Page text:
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Ruebisa’s wind turbines out of service for two years 

Credit:  Changa Dorji, Wangdue Phodrang | Edited by Sherub Dorji | May 1, 2023 | bbs.bt ~~

The country’s only two wind turbines generating renewable electricity in Wangdue Phodrang’s Ruebisa Gewog are out of service. Wind turbine unit-two has been down since February 2021, while wind turbine unit-one was shut down in September of last year due to high voltage issues. The wind turbines were built as a pilot project in 2016 with financial assistance from the Asian Development Bank.

The wind turbine unit-two is hanging by a rope. One of the rotor blades has broken off from its hub in the middle and is seen held together by a rope.

The blades were imported from Osaka in Japan and both the towers are more than 40 metres tall.

The dangling blade is a risk to residents nearby and passersby. People outside Ruebisa also come to see the wind turbines.

The Druk Green Power Corporation (DGPC) say replacing the turbine with new blades is not advisable as a single blade would cost Nu 40 M.

“Even if we have the money and even if we can buy, now transporting this 16-metre-long wind blade and fixing it here would be quite challenging. So, DGPC feels that we should repair the damaged blade. I think we are already exploring the firms in India and elsewhere,” said Kencho Gyeltshen, Associate Director of Basochhu Hydropower Plant.

Similarly, the wind turbine unit-one was shut down due to high voltage issue between the turbine and power supply grid.

The DGPC is planning to carry out the repair works of wind turbine unit-one soon and is expected to become operational in two months.

“We are expecting to complete the annual maintenance of Basochhu Power Plant by the mid of May and after that we will field our engineers along with engineers from HRDC and Bhutan Automation and also we will consult with BPC on the addition of load that happened way back in September 2022,” said Kencho Gyeltshen.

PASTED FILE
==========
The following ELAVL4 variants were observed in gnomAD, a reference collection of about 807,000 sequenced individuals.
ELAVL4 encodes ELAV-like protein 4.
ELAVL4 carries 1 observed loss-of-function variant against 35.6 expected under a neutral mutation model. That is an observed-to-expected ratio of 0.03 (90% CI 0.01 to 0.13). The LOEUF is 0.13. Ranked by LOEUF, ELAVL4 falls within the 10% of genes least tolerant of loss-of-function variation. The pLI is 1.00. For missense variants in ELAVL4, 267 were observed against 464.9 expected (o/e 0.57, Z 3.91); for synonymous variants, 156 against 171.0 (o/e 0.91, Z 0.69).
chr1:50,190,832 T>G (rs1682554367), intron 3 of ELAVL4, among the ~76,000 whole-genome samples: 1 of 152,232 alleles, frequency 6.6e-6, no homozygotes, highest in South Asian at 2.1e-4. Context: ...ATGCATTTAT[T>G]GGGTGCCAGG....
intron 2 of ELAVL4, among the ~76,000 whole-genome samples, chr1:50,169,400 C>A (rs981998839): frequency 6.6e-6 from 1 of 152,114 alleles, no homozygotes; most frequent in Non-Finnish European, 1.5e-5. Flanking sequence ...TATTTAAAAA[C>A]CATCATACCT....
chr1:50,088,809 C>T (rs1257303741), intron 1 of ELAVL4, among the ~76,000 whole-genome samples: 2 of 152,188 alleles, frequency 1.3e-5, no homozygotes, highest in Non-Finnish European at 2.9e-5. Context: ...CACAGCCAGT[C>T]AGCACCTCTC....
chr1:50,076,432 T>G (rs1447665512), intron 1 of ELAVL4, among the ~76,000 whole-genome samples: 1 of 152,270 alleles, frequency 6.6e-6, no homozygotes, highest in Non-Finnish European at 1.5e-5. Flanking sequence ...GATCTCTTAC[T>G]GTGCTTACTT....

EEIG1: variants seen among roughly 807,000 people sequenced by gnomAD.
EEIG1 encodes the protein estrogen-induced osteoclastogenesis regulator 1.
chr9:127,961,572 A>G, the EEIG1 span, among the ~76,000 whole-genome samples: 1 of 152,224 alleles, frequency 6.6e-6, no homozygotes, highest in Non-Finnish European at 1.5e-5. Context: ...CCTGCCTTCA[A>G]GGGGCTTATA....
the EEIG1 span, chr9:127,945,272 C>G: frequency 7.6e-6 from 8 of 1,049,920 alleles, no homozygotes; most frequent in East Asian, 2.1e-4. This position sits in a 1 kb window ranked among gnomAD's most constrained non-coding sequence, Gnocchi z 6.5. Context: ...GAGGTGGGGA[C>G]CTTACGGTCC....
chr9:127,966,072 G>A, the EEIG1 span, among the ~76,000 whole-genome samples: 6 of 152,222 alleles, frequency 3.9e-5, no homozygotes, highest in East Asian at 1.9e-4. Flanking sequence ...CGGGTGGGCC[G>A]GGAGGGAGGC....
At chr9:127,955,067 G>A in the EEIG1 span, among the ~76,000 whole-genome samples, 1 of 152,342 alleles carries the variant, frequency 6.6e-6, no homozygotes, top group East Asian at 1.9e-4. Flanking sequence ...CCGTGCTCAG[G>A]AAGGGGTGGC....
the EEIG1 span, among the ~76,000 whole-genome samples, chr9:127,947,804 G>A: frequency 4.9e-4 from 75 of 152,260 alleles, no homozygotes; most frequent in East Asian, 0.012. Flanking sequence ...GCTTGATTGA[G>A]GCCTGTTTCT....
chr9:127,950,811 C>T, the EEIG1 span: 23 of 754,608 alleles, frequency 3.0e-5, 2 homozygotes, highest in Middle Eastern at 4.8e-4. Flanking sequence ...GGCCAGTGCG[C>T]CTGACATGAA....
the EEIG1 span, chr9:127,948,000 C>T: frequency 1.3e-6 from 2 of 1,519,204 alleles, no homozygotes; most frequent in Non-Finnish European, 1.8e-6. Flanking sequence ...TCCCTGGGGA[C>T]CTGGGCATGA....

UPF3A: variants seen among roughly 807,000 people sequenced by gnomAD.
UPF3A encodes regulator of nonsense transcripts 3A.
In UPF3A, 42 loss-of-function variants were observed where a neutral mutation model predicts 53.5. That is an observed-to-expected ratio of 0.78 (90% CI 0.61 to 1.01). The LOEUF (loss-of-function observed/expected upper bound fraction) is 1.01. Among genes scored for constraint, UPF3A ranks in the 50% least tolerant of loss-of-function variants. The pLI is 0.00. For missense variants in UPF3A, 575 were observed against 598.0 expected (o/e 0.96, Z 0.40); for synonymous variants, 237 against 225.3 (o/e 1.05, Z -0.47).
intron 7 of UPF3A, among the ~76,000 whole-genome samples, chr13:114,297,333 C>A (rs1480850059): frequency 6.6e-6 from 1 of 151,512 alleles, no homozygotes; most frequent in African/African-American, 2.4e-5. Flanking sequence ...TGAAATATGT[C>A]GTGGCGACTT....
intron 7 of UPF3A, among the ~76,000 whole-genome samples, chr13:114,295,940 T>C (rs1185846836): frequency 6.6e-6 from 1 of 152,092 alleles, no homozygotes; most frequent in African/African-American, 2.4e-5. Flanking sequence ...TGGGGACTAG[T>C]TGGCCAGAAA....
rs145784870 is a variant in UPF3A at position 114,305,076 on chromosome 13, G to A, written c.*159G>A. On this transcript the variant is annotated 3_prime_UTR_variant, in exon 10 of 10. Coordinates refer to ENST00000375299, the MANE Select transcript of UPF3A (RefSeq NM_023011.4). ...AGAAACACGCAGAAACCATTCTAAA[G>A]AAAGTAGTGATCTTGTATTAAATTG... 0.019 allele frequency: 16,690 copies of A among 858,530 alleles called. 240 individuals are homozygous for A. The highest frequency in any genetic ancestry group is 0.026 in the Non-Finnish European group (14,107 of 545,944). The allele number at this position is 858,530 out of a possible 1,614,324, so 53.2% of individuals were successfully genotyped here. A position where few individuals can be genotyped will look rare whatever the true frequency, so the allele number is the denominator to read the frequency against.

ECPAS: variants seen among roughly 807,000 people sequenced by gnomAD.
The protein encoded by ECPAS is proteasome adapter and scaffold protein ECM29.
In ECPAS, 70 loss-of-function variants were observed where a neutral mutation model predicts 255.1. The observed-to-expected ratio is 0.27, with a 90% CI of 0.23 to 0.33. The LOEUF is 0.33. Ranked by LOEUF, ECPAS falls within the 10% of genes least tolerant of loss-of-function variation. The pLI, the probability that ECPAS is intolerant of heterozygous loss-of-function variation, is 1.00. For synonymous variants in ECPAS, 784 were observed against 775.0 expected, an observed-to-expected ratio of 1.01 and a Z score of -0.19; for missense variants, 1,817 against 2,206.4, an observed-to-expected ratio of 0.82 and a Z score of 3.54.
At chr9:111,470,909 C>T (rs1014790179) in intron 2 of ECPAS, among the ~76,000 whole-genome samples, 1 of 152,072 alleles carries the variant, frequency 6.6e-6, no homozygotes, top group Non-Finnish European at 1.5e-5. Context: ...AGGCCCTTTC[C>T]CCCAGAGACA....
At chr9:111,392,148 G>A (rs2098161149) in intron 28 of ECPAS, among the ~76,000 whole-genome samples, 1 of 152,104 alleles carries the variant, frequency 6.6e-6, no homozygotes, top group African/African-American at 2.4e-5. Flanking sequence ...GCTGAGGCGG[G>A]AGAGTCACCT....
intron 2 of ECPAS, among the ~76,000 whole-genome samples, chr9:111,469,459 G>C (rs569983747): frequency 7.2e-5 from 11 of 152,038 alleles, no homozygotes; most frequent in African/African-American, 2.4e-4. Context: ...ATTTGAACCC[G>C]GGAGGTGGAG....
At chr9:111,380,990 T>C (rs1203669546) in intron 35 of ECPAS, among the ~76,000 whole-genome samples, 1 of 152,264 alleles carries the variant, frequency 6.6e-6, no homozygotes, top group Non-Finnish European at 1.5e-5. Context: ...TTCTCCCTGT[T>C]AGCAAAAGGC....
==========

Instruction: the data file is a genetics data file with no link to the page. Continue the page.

The wind turbines generated a little over Nu 1 M in 2020. The energy generation decreased after the turbines faced multiple issues since then.

Source:  Changa Dorji, Wangdue Phodrang | Edited by Sherub Dorji | May 1, 2023 | bbs.bt

This article is the work of the source indicated. Any opinions expressed in it are not necessarily those of National Wind Watch.

The copyright of this article resides with the author or publisher indicated. As part of its noncommercial educational effort to present the environmental, social, scientific, and economic issues of large-scale wind power development to a global audience seeking such information, National Wind Watch endeavors to observe “fair use” as provided for in section 107 of U.S. Copyright Law and similar “fair dealing” provisions of the copyright laws of other nations. Send requests to excerpt, general inquiries, and comments via e-mail.

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